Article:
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Journal Article

Suitability of miniature inductively coupled RF coils as MR-visible markers for clinical purposes


Trampel,  Robert
Department Neurophysics, MPI for Human Cognitive and Brain Sciences, Max Planck Society;

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Garnov, N., Thörmer, G., Gründer, W., Trampel, R., Moche, M., Kahn, T., et al. (2011). Suitability of miniature inductively coupled RF coils as MR-visible markers for clinical purposes. Medical Physics, 38(11), 6327-6335. doi:10.1118/1.3655027.

Cite as: https://hdl.handle.net/11858/00-001M-0000-0012-06E6-D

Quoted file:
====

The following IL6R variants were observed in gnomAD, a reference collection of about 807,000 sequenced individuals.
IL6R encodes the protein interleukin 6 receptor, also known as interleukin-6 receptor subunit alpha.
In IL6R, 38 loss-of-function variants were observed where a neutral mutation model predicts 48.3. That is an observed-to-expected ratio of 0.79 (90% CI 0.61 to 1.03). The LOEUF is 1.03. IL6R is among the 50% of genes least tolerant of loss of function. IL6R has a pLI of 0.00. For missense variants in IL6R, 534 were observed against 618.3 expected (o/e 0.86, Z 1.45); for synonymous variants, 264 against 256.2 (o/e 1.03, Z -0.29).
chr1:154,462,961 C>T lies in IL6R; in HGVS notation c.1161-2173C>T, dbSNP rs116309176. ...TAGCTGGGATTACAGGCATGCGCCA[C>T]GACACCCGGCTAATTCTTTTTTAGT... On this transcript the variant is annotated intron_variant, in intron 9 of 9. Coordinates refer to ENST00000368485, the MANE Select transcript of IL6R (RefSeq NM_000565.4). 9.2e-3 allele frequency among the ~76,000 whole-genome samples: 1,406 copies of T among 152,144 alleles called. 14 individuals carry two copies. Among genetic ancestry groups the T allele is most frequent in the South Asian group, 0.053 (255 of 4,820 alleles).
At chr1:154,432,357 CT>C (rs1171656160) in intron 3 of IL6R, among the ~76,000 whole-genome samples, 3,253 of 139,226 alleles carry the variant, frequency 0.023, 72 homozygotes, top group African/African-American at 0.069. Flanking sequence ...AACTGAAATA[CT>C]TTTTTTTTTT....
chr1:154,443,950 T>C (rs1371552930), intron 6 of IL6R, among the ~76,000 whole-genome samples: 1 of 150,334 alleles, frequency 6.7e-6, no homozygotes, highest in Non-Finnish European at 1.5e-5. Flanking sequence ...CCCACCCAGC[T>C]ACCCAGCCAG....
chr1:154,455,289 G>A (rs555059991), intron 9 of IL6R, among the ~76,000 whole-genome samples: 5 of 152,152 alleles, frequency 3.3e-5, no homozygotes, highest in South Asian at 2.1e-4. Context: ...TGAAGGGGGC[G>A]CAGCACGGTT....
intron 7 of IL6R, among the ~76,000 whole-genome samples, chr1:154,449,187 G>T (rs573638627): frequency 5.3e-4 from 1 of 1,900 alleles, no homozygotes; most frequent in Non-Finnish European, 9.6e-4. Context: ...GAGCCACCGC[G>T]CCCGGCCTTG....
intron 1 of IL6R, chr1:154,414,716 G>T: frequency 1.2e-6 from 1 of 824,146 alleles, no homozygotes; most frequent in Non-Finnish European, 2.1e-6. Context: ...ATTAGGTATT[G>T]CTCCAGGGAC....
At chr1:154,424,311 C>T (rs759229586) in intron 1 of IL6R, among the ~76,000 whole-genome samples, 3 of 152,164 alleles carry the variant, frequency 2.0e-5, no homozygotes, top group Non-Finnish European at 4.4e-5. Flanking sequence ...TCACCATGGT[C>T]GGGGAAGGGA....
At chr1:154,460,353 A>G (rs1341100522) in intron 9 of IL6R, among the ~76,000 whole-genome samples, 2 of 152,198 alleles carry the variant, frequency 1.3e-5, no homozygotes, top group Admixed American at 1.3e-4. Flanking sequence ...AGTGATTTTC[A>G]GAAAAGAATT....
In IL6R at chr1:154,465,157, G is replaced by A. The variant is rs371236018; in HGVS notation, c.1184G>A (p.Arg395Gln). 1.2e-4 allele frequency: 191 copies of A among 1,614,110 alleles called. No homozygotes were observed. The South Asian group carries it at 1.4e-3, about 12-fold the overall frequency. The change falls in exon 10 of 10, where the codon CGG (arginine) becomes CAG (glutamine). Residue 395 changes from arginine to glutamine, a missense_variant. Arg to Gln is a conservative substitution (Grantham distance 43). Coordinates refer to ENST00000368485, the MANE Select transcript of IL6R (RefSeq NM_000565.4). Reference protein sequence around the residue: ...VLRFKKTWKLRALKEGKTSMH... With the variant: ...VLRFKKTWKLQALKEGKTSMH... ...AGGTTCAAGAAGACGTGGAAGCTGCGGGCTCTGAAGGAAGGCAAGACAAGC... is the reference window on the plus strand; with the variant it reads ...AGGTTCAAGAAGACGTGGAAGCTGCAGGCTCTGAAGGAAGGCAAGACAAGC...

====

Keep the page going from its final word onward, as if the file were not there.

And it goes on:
Purpose: MR-visible markers have already been used for various purposes such as image registration, motion detection, and device tracking. Inductively coupled RF (ICRF) coils, in particular, provide a high contrast and do not require connecting wires to the scanner, which makes their application highly flexible and safe. This work aims to thoroughly characterize the MR signals of such ICRF markers under various conditions with a special emphasis on fully automatic detection. Methods: The small markers consisted of a solenoid coil that was wound around a glass tube containing the MR signal source and tuned to the resonance frequency of a 1.5 T MRI. Marker imaging was performed with a spoiled gradient echo sequence (FLASH) and a balanced steady-state free precession (SSFP) sequence (TrueFISP) in three standard projections. The signal intensities of the markers were recorded for both pulse sequences, three source materials (tap water, distilled water, and contrast agent solution), different flip angles and coil alignments with respect to theB 0 direction as well as for different marker positions in the entire imaging volume (field of view, FOV). Heating of the ICRF coils was measured during 10-min RF expositions to three conventional pulse sequences. Clinical utility of the markers was assessed from their performance in computer-aided detection and in defining double oblique scan planes. Results: For almost the entire FOV (±215 mm) and an estimated 82% of all possible RF coil alignments with respect toB 0, the ICRF markers generated clearly visible MR signals and could be reliably localized over a large range of flip angles, in particular with the TrueFISP sequence (0.3°–4.0°). Generally, TrueFISP provided a higher marker contrast than FLASH. RF exposition caused a moderate heating (≤5 °C) of the ICRF coils only. Conclusions : Small ICRF coils,imaged at low flip angles with a balanced SSFP sequence showed an excellent performance under a variety of experimental conditions and therefore make for a reliable, compact, flexible, and relatively safe marker for clinical use.